One aspect of FreeHand that could have done with some improvement is the Document inspector. Here inside a tiny square viewport of the whole Pasteboard you can see page thumbnails as either small, medium or large icons, and move pages around by dragging the icons. But there’s no way to expand the tiny viewport, or scroll around the whole Pasteboard(as Illustrator’s Navigator window allows, for instance). Also, there’s no way to align pages to each other, or otherwise automatically tidy up their positioningon the pasteboard. Using Master pages allows you to create templates and ensure consistency across a number of pages,but it would be nice if you could automatically replace all pages that use one Master page with another. The only new touch with regard to editing a document is the ability to add a page using the Add Page button at the foot of the main Document window.
FreeHand’s colour managementis generally excellent, offering the ability to use both the Kodak Digital Science (KDS) colour-management system and Apple’s ColorSync. There’s also support for all the latest Pantone Colour references.
FreeHand files can be exported in all major bitmap-file formats as well as vector-file formats, including Adobe Illustratorand EPS. You can also add info, such as author and copyright details, and keywords,which is preserved in the file in a standard International Press Telecommunications Council data format.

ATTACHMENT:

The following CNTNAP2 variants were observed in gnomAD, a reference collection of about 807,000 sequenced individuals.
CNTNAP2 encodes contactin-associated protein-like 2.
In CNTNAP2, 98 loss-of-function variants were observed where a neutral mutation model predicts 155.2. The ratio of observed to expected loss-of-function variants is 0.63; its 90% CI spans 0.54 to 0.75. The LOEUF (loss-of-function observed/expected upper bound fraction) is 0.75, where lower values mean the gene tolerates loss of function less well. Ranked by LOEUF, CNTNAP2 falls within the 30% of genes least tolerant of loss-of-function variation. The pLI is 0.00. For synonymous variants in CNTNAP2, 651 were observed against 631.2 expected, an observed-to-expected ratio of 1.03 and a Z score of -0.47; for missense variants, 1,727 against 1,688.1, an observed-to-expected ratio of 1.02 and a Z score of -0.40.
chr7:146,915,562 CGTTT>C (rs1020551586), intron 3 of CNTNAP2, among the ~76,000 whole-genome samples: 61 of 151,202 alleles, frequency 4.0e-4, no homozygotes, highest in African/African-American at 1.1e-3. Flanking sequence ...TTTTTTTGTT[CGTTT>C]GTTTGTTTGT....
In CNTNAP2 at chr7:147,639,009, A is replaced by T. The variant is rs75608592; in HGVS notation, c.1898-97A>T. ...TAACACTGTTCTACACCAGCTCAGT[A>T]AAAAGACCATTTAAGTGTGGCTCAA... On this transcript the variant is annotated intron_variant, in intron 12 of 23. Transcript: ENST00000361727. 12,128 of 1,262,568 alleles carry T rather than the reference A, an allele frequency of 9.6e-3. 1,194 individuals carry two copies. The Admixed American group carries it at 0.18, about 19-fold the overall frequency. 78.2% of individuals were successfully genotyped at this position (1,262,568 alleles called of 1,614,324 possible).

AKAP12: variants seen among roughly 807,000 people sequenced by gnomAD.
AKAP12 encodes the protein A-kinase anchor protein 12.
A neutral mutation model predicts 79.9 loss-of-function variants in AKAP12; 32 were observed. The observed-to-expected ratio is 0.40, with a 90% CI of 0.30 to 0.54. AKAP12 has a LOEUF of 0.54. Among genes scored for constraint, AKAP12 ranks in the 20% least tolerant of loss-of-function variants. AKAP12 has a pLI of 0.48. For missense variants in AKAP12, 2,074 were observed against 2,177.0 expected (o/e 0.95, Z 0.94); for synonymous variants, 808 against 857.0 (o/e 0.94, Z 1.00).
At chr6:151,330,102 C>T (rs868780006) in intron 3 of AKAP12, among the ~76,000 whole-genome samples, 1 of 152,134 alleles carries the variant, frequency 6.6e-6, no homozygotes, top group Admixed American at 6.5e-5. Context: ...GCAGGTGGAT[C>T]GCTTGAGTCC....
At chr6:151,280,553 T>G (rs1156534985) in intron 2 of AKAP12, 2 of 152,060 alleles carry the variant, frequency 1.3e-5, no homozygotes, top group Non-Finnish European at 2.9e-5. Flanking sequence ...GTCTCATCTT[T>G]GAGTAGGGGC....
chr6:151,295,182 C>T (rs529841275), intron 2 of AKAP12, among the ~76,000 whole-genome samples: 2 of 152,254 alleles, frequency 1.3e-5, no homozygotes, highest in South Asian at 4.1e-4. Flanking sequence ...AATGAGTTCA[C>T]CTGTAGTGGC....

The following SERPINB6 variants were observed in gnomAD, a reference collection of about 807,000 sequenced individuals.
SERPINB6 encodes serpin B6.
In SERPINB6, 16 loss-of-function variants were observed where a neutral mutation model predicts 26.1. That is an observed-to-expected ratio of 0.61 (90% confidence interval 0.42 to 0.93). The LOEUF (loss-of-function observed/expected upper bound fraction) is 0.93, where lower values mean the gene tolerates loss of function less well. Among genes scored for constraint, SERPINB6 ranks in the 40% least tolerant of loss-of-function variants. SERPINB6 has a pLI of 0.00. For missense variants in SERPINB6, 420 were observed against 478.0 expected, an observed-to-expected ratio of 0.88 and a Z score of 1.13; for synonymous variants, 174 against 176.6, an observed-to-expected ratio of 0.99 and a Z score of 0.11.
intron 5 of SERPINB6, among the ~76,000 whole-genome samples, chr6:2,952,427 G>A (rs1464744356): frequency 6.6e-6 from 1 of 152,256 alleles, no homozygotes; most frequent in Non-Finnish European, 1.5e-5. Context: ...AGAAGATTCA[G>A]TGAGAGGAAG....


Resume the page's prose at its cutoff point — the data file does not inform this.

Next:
FreeHand supports all the features for producing proofs and colour separations that a repro house might require. In my experience staff at most repro houses would rather eat their children before outputting from FreeHand, and as a consequence are loath to accept FreeHand files. This makes output to EPS the only way forward. Macromedia could do moreto educate and encourage bureaus to work and embrace FreeHand – their half-hearted MAGIC (Macromedia Authorized Graphic Imaging Center) program has no members in the UK, or anywhere in the EU.
For new users, whether to use FreeHand or Illustrator still lies in the balance, and the thing that tips the scales is unlikely to be the new features of MX, but the other programs used. If you use Flash and Fireworks extensively then FreeHand completes the trinity, whereasif you work more often with Adobe products such as Photoshop, InDesign or AfterEffects, then Illustrator is a better bet.
FreeHand MX is a solid upgrade, but one that ultimately fails to inspire. Macromedia has added a number of new features, but not really taken them far enough. The move to non-destructive editing, where strokes, fills and effects are applied to a live object, is welcome, but the other new features are too piecemeal to make this a must-have upgrade. But FreeHand remains arguably the best drawing tool available on the Mac.